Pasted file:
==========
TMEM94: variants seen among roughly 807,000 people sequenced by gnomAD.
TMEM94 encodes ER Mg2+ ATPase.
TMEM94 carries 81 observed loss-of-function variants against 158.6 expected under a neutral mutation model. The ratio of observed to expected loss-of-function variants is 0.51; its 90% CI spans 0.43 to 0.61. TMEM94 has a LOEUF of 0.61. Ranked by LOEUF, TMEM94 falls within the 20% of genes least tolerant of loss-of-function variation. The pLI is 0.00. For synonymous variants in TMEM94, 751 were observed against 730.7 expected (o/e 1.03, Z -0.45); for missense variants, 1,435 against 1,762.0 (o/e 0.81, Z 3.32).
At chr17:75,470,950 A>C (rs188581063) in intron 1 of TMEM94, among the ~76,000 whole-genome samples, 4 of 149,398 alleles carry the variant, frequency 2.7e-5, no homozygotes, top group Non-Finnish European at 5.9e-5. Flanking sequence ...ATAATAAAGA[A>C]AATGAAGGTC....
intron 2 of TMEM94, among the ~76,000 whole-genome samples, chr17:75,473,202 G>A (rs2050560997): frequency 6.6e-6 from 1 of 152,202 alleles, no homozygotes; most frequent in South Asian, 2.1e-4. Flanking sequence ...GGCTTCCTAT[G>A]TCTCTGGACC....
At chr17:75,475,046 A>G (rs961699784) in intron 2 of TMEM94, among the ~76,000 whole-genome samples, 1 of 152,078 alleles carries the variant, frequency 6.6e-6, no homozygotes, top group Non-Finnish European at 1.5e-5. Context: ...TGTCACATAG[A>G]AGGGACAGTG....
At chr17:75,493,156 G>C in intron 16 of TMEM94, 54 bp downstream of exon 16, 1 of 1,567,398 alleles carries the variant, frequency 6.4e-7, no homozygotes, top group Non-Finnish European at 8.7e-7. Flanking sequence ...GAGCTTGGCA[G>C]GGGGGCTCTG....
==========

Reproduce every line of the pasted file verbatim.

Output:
TMEM94: variants seen among roughly 807,000 people sequenced by gnomAD.
TMEM94 encodes ER Mg2+ ATPase.
TMEM94 carries 81 observed loss-of-function variants against 158.6 expected under a neutral mutation model. The ratio of observed to expected loss-of-function variants is 0.51; its 90% CI spans 0.43 to 0.61. TMEM94 has a LOEUF of 0.61. Ranked by LOEUF, TMEM94 falls within the 20% of genes least tolerant of loss-of-function variation. The pLI is 0.00. For synonymous variants in TMEM94, 751 were observed against 730.7 expected (o/e 1.03, Z -0.45); for missense variants, 1,435 against 1,762.0 (o/e 0.81, Z 3.32).
At chr17:75,470,950 A>C (rs188581063) in intron 1 of TMEM94, among the ~76,000 whole-genome samples, 4 of 149,398 alleles carry the variant, frequency 2.7e-5, no homozygotes, top group Non-Finnish European at 5.9e-5. Flanking sequence ...ATAATAAAGA[A>C]AATGAAGGTC....
intron 2 of TMEM94, among the ~76,000 whole-genome samples, chr17:75,473,202 G>A (rs2050560997): frequency 6.6e-6 from 1 of 152,202 alleles, no homozygotes; most frequent in South Asian, 2.1e-4. Flanking sequence ...GGCTTCCTAT[G>A]TCTCTGGACC....
At chr17:75,475,046 A>G (rs961699784) in intron 2 of TMEM94, among the ~76,000 whole-genome samples, 1 of 152,078 alleles carries the variant, frequency 6.6e-6, no homozygotes, top group Non-Finnish European at 1.5e-5. Context: ...TGTCACATAG[A>G]AGGGACAGTG....
At chr17:75,493,156 G>C in intron 16 of TMEM94, 54 bp downstream of exon 16, 1 of 1,567,398 alleles carries the variant, frequency 6.4e-7, no homozygotes, top group Non-Finnish European at 8.7e-7. Flanking sequence ...GAGCTTGGCA[G>C]GGGGGCTCTG....